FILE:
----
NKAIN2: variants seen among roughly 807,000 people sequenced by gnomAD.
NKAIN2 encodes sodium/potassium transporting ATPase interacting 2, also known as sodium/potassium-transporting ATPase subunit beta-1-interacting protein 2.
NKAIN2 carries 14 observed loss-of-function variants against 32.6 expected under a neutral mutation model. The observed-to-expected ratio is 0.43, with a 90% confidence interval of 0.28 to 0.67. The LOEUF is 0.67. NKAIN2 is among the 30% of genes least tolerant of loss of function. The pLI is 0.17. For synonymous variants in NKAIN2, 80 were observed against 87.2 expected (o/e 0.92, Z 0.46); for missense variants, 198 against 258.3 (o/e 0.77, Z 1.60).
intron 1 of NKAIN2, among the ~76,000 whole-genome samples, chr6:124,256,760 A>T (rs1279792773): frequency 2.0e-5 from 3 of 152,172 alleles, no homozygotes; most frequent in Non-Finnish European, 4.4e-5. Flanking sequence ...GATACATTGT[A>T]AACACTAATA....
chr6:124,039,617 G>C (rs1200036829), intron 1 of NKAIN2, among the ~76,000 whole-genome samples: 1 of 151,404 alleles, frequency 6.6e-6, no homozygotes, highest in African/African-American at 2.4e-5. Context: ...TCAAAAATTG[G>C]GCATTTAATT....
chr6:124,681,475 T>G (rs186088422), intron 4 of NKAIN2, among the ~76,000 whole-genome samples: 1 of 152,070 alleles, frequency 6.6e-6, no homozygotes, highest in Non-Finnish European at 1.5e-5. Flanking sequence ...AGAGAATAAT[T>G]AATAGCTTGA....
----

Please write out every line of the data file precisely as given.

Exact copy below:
NKAIN2: variants seen among roughly 807,000 people sequenced by gnomAD.
NKAIN2 encodes sodium/potassium transporting ATPase interacting 2, also known as sodium/potassium-transporting ATPase subunit beta-1-interacting protein 2.
NKAIN2 carries 14 observed loss-of-function variants against 32.6 expected under a neutral mutation model. The observed-to-expected ratio is 0.43, with a 90% confidence interval of 0.28 to 0.67. The LOEUF is 0.67. NKAIN2 is among the 30% of genes least tolerant of loss of function. The pLI is 0.17. For synonymous variants in NKAIN2, 80 were observed against 87.2 expected (o/e 0.92, Z 0.46); for missense variants, 198 against 258.3 (o/e 0.77, Z 1.60).
intron 1 of NKAIN2, among the ~76,000 whole-genome samples, chr6:124,256,760 A>T (rs1279792773): frequency 2.0e-5 from 3 of 152,172 alleles, no homozygotes; most frequent in Non-Finnish European, 4.4e-5. Flanking sequence ...GATACATTGT[A>T]AACACTAATA....
chr6:124,039,617 G>C (rs1200036829), intron 1 of NKAIN2, among the ~76,000 whole-genome samples: 1 of 151,404 alleles, frequency 6.6e-6, no homozygotes, highest in African/African-American at 2.4e-5. Context: ...TCAAAAATTG[G>C]GCATTTAATT....
chr6:124,681,475 T>G (rs186088422), intron 4 of NKAIN2, among the ~76,000 whole-genome samples: 1 of 152,070 alleles, frequency 6.6e-6, no homozygotes, highest in Non-Finnish European at 1.5e-5. Flanking sequence ...AGAGAATAAT[T>G]AATAGCTTGA....